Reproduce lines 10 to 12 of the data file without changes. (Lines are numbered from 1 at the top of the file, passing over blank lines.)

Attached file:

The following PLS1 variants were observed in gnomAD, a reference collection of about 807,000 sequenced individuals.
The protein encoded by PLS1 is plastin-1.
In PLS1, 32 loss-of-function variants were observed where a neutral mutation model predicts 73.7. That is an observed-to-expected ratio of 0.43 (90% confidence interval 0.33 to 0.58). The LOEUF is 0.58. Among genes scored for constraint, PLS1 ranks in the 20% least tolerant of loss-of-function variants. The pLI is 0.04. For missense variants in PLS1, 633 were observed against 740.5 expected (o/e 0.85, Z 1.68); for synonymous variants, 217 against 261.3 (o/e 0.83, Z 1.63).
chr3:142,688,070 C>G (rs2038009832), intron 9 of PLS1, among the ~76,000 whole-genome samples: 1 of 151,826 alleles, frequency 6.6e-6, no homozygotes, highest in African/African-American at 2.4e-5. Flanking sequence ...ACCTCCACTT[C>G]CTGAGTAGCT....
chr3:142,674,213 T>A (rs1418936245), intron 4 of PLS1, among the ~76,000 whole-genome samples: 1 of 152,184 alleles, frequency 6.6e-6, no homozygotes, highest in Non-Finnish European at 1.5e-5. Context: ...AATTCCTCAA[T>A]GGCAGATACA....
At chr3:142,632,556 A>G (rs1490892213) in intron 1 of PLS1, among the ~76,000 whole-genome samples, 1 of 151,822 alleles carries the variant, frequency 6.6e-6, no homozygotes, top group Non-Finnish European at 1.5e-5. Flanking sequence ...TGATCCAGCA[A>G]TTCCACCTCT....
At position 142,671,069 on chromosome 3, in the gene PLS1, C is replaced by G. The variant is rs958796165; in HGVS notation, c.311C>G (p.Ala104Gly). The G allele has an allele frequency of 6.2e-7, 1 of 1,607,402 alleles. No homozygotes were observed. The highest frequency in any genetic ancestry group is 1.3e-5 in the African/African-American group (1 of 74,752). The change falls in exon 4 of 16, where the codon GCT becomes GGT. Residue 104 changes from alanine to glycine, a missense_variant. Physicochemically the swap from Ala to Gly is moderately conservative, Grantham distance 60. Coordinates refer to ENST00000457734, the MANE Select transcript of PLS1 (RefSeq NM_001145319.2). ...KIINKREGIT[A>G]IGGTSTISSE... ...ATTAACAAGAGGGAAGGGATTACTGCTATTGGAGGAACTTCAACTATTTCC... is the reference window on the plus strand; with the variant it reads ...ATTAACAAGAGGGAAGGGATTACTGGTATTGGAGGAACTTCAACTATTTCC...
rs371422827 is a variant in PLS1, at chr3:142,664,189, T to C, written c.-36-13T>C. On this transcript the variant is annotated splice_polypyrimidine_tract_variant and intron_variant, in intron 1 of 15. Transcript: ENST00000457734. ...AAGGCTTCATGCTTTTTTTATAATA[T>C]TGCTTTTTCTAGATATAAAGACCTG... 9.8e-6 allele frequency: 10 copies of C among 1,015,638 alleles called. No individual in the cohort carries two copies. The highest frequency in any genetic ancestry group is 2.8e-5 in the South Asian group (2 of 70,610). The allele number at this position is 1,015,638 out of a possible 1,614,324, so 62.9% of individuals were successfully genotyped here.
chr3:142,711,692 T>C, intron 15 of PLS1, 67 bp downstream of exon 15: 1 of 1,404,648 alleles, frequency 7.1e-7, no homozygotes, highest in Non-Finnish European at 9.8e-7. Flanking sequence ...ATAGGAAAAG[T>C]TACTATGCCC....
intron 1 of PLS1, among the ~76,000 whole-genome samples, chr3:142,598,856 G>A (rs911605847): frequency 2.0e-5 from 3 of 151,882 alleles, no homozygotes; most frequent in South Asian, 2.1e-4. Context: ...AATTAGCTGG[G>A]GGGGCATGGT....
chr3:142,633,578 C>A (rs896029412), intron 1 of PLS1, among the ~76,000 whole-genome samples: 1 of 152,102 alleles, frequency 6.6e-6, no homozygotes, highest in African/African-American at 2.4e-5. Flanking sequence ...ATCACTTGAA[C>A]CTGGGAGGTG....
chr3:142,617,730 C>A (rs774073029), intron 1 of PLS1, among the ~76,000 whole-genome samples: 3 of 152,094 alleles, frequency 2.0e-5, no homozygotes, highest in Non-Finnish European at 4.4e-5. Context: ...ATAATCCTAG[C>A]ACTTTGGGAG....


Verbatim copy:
intron 1 of PLS1, among the ~76,000 whole-genome samples, chr3:142,598,856 G>A (rs911605847): frequency 2.0e-5 from 3 of 151,882 alleles, no homozygotes; most frequent in South Asian, 2.1e-4. Context: ...AATTAGCTGG[G>A]GGGGCATGGT....
chr3:142,633,578 C>A (rs896029412), intron 1 of PLS1, among the ~76,000 whole-genome samples: 1 of 152,102 alleles, frequency 6.6e-6, no homozygotes, highest in African/African-American at 2.4e-5. Flanking sequence ...ATCACTTGAA[C>A]CTGGGAGGTG....
chr3:142,617,730 C>A (rs774073029), intron 1 of PLS1, among the ~76,000 whole-genome samples: 3 of 152,094 alleles, frequency 2.0e-5, no homozygotes, highest in Non-Finnish European at 4.4e-5. Context: ...ATAATCCTAG[C>A]ACTTTGGGAG....